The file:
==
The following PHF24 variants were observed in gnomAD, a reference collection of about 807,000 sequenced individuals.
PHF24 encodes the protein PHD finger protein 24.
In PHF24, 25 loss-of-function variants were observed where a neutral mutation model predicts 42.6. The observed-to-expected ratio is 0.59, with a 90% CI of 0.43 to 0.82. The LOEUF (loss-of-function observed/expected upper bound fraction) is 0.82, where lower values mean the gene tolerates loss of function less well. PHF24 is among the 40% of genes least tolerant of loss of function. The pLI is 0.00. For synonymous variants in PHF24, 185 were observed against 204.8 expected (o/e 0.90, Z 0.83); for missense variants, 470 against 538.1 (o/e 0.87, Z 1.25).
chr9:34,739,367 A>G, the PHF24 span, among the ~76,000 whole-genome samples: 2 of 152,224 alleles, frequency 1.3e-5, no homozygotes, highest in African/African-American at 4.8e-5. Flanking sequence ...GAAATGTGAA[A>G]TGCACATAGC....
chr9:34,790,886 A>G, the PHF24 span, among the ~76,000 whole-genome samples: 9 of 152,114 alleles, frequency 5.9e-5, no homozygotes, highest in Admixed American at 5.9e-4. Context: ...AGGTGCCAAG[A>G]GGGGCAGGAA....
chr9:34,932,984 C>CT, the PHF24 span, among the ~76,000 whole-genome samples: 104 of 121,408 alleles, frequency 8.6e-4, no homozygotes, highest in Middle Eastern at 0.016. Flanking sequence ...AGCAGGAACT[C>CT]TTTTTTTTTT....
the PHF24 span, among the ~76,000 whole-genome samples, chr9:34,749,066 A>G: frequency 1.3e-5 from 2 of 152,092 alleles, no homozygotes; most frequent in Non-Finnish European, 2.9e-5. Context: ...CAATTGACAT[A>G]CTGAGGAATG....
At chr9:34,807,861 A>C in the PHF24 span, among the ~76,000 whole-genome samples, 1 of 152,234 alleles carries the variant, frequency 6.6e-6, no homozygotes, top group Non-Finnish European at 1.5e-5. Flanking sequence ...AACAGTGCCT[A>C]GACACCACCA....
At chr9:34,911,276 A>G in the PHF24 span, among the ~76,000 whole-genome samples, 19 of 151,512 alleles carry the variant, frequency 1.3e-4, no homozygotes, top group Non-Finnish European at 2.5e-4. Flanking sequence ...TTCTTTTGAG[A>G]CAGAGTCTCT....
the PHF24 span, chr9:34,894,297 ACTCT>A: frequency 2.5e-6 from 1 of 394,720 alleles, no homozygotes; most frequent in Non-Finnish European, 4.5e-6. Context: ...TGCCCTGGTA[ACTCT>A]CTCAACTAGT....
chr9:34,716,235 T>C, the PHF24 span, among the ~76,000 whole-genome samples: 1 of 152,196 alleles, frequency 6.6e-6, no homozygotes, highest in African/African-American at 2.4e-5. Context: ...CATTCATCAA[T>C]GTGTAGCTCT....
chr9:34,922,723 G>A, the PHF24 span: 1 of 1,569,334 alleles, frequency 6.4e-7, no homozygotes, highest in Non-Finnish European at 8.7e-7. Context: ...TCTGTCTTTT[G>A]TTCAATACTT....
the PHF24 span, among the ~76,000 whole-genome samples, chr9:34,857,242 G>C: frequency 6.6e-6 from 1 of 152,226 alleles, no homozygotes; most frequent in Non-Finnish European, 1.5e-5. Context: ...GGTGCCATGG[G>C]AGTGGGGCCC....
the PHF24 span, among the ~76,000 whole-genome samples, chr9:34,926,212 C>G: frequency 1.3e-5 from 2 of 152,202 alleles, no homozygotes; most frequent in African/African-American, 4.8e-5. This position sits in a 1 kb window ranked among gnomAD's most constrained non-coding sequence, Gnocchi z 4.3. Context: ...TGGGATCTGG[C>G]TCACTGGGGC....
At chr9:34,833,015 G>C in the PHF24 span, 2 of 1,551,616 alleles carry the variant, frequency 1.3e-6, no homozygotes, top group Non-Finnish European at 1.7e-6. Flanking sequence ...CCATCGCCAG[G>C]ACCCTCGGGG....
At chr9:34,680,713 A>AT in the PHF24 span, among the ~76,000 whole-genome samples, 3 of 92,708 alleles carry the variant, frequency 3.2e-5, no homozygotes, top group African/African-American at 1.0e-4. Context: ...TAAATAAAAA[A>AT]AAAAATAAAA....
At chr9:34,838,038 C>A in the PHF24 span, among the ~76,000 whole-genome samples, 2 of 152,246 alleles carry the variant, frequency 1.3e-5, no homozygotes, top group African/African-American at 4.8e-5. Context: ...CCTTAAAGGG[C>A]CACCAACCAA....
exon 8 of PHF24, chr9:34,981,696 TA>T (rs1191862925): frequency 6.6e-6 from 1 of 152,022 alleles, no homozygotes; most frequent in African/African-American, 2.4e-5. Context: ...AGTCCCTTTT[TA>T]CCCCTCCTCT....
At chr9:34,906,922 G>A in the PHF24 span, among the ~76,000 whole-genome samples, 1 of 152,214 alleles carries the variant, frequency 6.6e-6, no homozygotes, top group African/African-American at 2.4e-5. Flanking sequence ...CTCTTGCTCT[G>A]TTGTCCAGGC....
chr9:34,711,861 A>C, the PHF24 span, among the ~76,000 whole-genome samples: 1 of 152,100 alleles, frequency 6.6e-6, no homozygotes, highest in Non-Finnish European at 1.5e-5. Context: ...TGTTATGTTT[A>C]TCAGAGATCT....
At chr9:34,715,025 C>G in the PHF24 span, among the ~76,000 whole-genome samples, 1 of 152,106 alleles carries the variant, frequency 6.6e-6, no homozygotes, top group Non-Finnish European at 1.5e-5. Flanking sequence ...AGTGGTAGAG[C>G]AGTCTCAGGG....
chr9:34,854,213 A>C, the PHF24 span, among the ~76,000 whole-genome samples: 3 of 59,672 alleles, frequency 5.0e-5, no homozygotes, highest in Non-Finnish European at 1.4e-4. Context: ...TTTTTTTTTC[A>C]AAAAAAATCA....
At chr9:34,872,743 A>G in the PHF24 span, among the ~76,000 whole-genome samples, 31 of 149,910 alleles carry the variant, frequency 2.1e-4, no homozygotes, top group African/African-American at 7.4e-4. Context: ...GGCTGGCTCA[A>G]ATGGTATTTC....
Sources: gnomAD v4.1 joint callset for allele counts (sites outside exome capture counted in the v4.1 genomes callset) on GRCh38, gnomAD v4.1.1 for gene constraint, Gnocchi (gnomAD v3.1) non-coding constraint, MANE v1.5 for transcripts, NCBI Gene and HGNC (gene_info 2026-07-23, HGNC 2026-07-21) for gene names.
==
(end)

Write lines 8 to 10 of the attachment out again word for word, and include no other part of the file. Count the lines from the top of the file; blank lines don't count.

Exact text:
At chr9:34,807,861 A>C in the PHF24 span, among the ~76,000 whole-genome samples, 1 of 152,234 alleles carries the variant, frequency 6.6e-6, no homozygotes, top group Non-Finnish European at 1.5e-5. Flanking sequence ...AACAGTGCCT[A>C]GACACCACCA....
At chr9:34,911,276 A>G in the PHF24 span, among the ~76,000 whole-genome samples, 19 of 151,512 alleles carry the variant, frequency 1.3e-4, no homozygotes, top group Non-Finnish European at 2.5e-4. Flanking sequence ...TTCTTTTGAG[A>G]CAGAGTCTCT....
the PHF24 span, chr9:34,894,297 ACTCT>A: frequency 2.5e-6 from 1 of 394,720 alleles, no homozygotes; most frequent in Non-Finnish European, 4.5e-6. Context: ...TGCCCTGGTA[ACTCT>A]CTCAACTAGT....